NEW YORK: Tumblr and Twitter, the social networking sites, are planning new ad developments as they attempt to monetise their respective services.

Tumblr, recently acquired by Yahoo! for $1.1bn, will introduce sponsored web posts next month, reported Advertising Age. These will be integrated into users' streams in a similar manner to that employed by Facebook.

The move comes hard on the heels of Tumblr's introduction of mobile in-stream ads, with users of the site's apps seeing up to four ads a day.

Twitter is also reported to be taking a leaf out of the Facebook ad playbook with the creation of an ad-retargeting exchange similar to FBX. This would enable brands to retarget people who visit their sites with ads on Twitter.

"More advertisers today are ready to make bigger bets with retargeting and exchange-based buying because they're up to speed with Facebook or Google or Yahoo or AOL," Clark Fredricksen, vice president communications at insights provider eMarketer, told Advertising Age.

"The fact that some of the major advertising publishers have been doing that for a little while means that new players to the market can court advertisers with some experience doing this," he added.

Twitter also recently launched a TV ad targeting service to take advantage of the trend to dual-screening. A brand can monitor when an ad has aired on TV and then send out a promoted tweet to co-ordinate with it.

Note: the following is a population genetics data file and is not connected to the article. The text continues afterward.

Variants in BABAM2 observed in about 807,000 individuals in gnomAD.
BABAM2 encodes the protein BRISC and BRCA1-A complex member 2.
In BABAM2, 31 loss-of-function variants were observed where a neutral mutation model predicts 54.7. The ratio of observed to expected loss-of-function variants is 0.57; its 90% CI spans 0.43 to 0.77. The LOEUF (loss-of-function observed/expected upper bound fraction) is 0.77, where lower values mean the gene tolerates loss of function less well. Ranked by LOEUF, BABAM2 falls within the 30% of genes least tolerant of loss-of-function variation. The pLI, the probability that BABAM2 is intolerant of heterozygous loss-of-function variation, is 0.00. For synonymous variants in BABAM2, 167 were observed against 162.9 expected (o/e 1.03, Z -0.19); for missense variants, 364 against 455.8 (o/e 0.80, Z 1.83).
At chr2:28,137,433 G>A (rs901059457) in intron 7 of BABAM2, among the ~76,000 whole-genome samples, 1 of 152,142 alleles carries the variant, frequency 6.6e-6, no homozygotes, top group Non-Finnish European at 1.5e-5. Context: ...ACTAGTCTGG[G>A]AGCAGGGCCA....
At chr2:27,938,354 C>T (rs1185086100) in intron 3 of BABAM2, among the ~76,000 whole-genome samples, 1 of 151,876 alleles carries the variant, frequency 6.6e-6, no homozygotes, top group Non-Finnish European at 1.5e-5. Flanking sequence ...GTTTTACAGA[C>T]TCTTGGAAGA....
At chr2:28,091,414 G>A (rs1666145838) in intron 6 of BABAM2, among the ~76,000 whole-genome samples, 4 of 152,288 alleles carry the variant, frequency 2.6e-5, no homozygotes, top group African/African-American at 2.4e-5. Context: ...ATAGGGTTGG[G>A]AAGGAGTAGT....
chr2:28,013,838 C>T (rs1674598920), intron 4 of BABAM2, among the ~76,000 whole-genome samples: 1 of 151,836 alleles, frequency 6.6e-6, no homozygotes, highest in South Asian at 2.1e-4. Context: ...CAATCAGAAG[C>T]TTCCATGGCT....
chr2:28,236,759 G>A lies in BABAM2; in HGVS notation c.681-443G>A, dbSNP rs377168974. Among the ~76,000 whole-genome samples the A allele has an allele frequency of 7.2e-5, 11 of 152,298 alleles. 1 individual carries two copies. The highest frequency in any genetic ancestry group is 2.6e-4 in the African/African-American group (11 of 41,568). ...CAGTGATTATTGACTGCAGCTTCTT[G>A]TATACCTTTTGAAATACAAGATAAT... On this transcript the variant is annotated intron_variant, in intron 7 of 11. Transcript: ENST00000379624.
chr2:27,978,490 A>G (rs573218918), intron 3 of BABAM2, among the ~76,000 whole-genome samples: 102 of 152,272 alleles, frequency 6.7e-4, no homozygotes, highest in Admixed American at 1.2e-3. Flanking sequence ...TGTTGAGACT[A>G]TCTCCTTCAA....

Separately, Twitter research found that promoted tweets that asked for replies increased responses by an average 334%, while promoted tweets with an ask to retweet increased retweets by an average 311%.

But this is leading to brands tweeting "the most nonsensical, cheesy messages" suggested Digiday, which quoted an anonymous brand executive who said simply that "it's the price to play today".

Matt Wurst, director of digital communities at 360i warned that brands practising this behaviour too often would "appeal to the lowest quality of user".

"Brands may ultimately grow their pages with the wrong people," he said.

Data sourced from Advertising Age, Techcrunch, Twitter, Digiday; additional content by Warc staff